The continuing oppression of African-Americans (and others) remains an ugly stain on the fabric of our national ideals.  Many people (white and black) have died as a result of that oppression throughout our nation's history.  People of color continue to die as a result of that oppression, including victims of discriminatory violence by law enforcement officers, as pointed out by CK.  I'm not a "blanket" cop-hater but I believe some police have committed unnecessarily violent acts in a discriminatory way - the evidence for that is plain for all to see.  And during an "investigation" of each incident of officer violence, they generally get a paid vacation before they're absolved of any responsibility for wrongful violence, with the implicit support of many of their fellow officers, some of who even lie to maintain solidarity with the "thin blue line".  Whistleblowers in law enforcement often lose their jobs and may even experience violence from other officers! The victims of this violence typically are blamed for what happens to them - that might sometimes be true, but there are many cases where the victim is subjected to excessive force for no good reason.  For calling attention to the issue of unnecessary violence by law enforcement, I've been labeled a "cop hater" - the fact is, the only cops I hate are those who commit unnecessary violence, and those who implicitly support such behavior by not preventing it, not reporting it, or committing perjury to absolve other law enforcement officers.  Cops need to uphold high moral standards of service in the performance of their duties - they should not be above the law!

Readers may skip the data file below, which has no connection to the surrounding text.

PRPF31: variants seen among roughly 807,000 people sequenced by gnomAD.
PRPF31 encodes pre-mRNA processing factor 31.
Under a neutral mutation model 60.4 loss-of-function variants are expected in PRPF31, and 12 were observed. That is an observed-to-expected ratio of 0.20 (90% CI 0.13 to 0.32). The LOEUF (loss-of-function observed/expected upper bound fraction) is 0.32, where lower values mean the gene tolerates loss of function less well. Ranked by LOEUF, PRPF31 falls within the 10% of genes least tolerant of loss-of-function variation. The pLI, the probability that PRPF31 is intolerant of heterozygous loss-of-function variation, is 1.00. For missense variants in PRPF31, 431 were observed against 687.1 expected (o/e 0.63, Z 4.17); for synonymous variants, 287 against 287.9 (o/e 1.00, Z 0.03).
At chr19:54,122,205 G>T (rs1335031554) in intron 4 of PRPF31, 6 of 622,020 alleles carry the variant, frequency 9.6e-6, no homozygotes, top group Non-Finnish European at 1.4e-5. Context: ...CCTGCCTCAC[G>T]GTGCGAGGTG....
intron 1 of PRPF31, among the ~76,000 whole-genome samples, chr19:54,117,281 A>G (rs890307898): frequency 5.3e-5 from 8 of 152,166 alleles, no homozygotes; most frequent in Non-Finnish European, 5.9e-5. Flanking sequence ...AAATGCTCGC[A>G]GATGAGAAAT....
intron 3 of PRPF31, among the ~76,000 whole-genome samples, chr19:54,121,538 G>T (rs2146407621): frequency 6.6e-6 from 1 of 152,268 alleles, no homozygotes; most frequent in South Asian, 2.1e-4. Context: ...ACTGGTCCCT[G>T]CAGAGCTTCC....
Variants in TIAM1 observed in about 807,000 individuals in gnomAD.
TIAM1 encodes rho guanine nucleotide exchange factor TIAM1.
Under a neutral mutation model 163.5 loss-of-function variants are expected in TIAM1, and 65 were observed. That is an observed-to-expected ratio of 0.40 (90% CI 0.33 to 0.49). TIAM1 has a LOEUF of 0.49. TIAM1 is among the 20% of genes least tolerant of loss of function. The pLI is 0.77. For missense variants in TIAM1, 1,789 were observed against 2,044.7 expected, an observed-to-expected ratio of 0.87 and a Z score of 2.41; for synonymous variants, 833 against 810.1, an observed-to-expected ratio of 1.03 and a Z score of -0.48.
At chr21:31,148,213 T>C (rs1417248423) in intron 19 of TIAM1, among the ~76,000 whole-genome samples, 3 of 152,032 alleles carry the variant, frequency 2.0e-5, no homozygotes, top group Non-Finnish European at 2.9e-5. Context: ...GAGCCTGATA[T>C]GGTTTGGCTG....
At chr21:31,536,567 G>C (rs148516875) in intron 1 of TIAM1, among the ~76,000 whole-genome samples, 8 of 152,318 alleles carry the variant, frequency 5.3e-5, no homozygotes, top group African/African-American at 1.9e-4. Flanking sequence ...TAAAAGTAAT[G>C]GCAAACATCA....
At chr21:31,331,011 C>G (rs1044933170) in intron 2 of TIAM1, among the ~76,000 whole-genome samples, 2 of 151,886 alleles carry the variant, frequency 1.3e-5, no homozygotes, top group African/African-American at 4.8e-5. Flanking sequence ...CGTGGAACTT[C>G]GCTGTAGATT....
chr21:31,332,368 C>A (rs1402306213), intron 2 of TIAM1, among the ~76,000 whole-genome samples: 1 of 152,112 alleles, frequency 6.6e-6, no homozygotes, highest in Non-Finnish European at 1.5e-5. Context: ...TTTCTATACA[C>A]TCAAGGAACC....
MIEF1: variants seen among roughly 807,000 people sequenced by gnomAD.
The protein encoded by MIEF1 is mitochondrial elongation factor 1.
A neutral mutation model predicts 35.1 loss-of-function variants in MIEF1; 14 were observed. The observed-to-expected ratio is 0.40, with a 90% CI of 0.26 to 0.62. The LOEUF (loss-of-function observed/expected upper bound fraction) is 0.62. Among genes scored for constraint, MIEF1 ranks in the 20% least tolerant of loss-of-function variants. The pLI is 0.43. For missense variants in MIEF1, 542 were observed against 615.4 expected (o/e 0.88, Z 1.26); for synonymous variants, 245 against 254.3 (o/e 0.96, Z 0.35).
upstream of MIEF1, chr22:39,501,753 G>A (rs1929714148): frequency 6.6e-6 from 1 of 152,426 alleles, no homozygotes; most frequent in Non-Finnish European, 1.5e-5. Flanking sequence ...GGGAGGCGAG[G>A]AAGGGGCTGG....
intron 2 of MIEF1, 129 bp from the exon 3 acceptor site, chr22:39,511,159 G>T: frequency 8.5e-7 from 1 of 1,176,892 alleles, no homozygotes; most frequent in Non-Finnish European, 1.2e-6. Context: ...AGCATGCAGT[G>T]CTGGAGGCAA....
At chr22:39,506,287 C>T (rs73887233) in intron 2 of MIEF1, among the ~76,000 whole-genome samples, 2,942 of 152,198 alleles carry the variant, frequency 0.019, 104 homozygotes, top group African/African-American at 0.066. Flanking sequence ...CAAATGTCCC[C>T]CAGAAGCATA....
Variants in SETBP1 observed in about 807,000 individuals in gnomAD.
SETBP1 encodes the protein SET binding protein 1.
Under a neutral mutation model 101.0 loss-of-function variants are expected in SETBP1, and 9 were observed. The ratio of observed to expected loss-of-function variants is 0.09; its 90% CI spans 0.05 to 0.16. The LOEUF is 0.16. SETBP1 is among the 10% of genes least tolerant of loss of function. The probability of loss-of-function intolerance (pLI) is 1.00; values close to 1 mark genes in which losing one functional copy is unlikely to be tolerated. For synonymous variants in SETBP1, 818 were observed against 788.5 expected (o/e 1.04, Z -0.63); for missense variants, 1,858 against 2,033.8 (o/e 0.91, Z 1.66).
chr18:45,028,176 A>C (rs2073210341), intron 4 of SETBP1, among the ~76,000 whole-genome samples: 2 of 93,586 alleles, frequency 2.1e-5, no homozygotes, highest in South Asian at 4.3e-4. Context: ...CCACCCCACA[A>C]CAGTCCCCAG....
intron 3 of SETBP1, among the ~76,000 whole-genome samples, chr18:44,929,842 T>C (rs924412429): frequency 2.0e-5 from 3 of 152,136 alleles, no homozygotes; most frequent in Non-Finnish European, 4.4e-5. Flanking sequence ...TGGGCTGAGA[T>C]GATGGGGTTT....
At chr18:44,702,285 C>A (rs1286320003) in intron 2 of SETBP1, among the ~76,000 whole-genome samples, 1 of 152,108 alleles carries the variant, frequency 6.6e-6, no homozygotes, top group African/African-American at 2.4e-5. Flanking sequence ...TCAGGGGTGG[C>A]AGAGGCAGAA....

It's very difficult for most white people to appreciate the fact of their white privilege - it surrounds them in a cushion of protection from inequities visited on non-whites.  They don't experience the pre-judging, so to them it just doesn't exist.  Discrimination against blacks continues in many ways (some subtle, and others not so subtle) and we need to have a national "conversation" about this to seek solutions to the evil of unequal treatment.  We shouldn't be condemning someone who has the courage to force us all to consider what is going on and to challenge us to take actions to stop it once and forever.  We should be following Carl Schurz and seeking to set right any perceived wrongs in America!  That should be the duty of all Americans.